Ruben Bolling alerted me to this cool website. You enter a month and year, and it will return a page of thumbnail images of all the comic books that were available on newsstands for that month. Above, a few of the comic books available in February 1973, the month that I first became seriously interested in comic books, mainly because I discovered Jack Kirby's Kamandi.
Photographer and porn performer Kimberly Kane interviews friends and fellow adult film travelers Zak Sabbath and Mandy Morbid in Vice. "Last year, Mandy was diagnosed with Ehlers–Danlos syndrome, a genetic disorder that causes loose joints, damage to blood vessels, and skin that stretches and bruises easily. Her diagnosis was a relief in some ways. For years, doctors had no idea what was causing her debilitating pain, and her health deteriorated until she was often unable to get out of bed, let alone work. Some days are better than others, but if Mandy leaves the house she must do so in a wheelchair or with a cane."
Among my favorite parts of New York Comic Con was getting to interview Rod Maxwell, special effects makeup artist and a (sadly, former) contestant on Syfy's competition show, Face Off. He's been working with the anti-smoking campaign The Truth to create the Flavor Monster, a freaky embodiment of how cigarette manufacturers target teenagers and young adults by adding appealing flavors to tobacco products. Maxwell's involvement isn't just artistic, it's personal. But we also talk about his awesome makeup skills and his time on the show. For instance: Is everyone really that bad at managing their time? (By the way, in case you've been watching Face Off, his arm is doing great!)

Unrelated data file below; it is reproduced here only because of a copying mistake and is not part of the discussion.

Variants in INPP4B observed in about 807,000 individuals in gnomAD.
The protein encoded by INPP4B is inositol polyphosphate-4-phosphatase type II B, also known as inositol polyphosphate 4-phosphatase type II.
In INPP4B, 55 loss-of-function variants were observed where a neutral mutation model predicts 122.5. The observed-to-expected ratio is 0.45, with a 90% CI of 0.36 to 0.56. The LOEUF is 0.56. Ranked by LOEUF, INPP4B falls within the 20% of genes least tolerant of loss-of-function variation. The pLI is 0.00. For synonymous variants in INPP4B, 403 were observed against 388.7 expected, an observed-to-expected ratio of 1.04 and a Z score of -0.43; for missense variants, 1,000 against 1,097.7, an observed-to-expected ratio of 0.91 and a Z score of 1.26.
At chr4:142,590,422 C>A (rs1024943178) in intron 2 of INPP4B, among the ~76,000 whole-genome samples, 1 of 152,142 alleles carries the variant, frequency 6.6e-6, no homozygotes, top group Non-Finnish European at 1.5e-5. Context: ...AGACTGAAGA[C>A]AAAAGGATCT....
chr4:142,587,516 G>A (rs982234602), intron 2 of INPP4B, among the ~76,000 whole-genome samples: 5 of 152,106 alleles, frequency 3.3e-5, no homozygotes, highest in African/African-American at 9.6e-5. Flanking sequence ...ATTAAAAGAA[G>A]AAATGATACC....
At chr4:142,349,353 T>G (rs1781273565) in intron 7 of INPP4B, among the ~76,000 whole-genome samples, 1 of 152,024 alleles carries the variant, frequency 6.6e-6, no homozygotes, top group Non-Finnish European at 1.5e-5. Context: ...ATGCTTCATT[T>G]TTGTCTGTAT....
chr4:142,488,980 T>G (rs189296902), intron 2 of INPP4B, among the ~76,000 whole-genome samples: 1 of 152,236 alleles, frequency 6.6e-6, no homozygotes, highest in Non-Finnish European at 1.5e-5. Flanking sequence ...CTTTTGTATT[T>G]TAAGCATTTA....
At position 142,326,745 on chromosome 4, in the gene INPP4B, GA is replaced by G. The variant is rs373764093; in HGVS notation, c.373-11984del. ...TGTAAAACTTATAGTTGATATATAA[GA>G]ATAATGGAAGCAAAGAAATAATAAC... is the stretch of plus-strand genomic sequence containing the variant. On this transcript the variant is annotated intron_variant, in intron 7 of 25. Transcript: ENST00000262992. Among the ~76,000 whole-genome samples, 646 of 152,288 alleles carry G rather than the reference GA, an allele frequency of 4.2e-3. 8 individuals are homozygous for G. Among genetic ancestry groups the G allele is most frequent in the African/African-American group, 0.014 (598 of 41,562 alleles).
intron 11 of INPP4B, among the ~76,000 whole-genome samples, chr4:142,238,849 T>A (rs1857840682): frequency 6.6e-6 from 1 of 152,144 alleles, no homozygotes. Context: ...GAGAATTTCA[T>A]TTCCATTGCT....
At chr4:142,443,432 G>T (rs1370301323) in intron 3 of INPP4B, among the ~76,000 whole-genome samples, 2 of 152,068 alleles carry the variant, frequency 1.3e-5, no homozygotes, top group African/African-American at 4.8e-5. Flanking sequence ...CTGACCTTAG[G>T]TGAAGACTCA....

You can purchase the sheet music for John Cage's 4' 33" from Sheet Music Plus. It's $5.95 and that will be money well spent. (For those not hip to this challenging 1952 composition, it is a classic of avant-garde music in which the performer plays nothing for the duration of the piece.) "4' 33" sheet music(Thanks, Syd Garon!)
With just a day to go, my favorite San Francisco singer/songwriter Diana Gameros is approaching her Kickstarter goal to fund the recording of her first full-length album. As I've posted before, Diana "creates soulful, passionate, and enchanting music infused with her Latin heritage… She was born in Ciudad Juarez, Mexico, (and) writes songs that reflect the 21st century experiences of a young indie artist at the borderlands between cultures, languages, and genres." The pledge rewards range from digital downloads to a house concert to an opportunity to busk with Diana. ¡Buena suerte, Diana! Diana Gameros Kickstarter
(Full disclosure: My 6-year-old son is one of Diana's many backing vocalists.)